Dr. Cameron Webb, a 36-year-old from Charlottesville who is running as the Democratic Party nominee for Virginia's Fifth District seat in the US House of Representatives, says healthcare reform is about more than hospitals.
"I'm passionate about serving people and keeping people healthy," Webb said in a phone interview. "I also recognize that health doesn't just happen in hospitals and clinics, but also in our communities."
Webb says his healthcare platform addresses the issue of affordable healthcare, while also addressing other community needs such as food access, education and transportation.
He supports a public health insurance option for Americans which would provide healthcare at a rate that doesn't exceed a percentage of a person's income, as Webb says that even with health insurance, many Americans are burdened by high healthcare costs.
"Everybody should have access to the primary and preventative care that they need to get and stay healthy," Webb said. "Even folks who have coverage right now don't have true access because it's not affordable."
Webb said that his healthcare platform would address what he said were 30 million uninsured Americans, a number which is referenced by CoomonwealthFund.org. However, according to 2018 census data, there were 2 million Americans reported as uninsured.
Webb believes there is an "imminent threat" to healthcare access in America as Republicans move to repeal the Affordable Healthcare Act, which his Republican opponent, Bob Good, agrees with.
On the issue of police violence, which Webb says disproportionately affects certain communities, Webb is a supporter of localities deciding to place more funding into community housing projects, infrastructure or education over police departments.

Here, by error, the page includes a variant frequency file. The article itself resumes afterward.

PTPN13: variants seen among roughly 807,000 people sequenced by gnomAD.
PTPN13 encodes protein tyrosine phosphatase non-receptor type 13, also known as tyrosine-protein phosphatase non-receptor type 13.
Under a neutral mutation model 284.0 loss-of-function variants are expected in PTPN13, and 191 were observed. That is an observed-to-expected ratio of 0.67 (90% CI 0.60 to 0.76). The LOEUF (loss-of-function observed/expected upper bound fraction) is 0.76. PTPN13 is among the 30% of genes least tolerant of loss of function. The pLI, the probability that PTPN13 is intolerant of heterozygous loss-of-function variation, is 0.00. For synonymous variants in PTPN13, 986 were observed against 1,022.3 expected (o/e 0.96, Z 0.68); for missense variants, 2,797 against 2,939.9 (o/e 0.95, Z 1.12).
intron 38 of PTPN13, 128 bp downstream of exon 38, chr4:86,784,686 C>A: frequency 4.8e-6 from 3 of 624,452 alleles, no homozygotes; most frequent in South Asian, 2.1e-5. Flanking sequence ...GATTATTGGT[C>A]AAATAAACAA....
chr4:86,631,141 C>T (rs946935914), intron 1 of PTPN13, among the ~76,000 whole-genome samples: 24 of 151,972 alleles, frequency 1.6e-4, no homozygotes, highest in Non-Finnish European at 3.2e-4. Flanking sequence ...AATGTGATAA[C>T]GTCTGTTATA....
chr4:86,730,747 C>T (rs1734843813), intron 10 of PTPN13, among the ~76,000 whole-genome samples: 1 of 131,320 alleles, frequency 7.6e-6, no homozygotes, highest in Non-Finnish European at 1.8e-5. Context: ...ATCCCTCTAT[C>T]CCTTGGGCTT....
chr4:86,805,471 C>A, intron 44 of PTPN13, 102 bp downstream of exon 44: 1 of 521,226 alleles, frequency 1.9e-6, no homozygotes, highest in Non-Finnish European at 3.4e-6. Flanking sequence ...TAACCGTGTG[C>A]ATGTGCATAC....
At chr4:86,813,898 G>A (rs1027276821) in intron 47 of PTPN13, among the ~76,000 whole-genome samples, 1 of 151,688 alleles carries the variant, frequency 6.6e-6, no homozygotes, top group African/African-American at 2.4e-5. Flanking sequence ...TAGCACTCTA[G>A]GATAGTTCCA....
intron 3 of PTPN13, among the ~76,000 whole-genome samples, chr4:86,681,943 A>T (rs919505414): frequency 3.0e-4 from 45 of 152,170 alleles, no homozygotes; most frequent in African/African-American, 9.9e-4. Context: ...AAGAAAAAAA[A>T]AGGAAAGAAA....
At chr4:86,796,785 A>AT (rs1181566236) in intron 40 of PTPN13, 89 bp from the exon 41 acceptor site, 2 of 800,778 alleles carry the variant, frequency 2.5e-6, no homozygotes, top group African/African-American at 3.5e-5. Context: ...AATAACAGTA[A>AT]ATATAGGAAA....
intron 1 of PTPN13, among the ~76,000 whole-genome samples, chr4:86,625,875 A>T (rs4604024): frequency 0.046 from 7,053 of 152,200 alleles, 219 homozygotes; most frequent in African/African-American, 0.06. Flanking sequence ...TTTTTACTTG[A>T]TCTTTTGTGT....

"Our communities want to make sure that police aren't expected to be the answer to everything, and in so doing, they're not in the space to perpetrate a lot of these wrongs," Webb said, referring to the past and recent instances of African Americans being killed at the hands of police.
Webb said he has met with the chief of police in Danville, Scott Booth, to discuss community policing, a method which Booth brought to the Danville Police Department since taking the position in 2018, and that there's a huge opportunity to "re-envision what community safety looks like."
Webb is also a supporter of the decriminalization and regulation of marijuana, which would also provide a boost to the hemp industry, which many farmers in Pittsylvania County have considered in the wake of low market prices for tobacco.
While speaking on how to best handle the continuing COVID-19 pandemic, Webb criticized President Trump's leadership, saying he "really dropped the ball."
Webb believes that as states have been left to handle their own coronavirus response, it has shown a lack of federal leadership.
"I think we should have a national testing strategy to make sure that everywhere we're able to identify, isolate and contact trace," Webb said. "The virus doesn't respect state borders."
Webb also professed his support for Democratic presidential nominee Joe Biden, saying he believes Biden knows how to "build bridges" between both sides.
Webb is a native of Spotsylvania County, and says he's a "Christian and proud of it."
While Webb is a Democrat, he rejects labels that lead to people dismissing other's opinions, and wouldn't call himself a "progressive."
"I always reject these boxes that people try to put you in, because it eliminates people's need to listen to how you sound on different issues. I would say I'm progressive on some issues and more moderate on others."
Contrasting himself with his opponent, Good, Webb says his plan for winning the Fifth District is to show respect for other people's viewpoints.
"My plan is to show a lot of respect and really value the voices of people, no matter where they are in the political spectrum," Webb said. "That doesn't mean we'll agree on everything, but what we can agree on is that I should listen to them."
Webb will be facing Good in the Congressional race this November.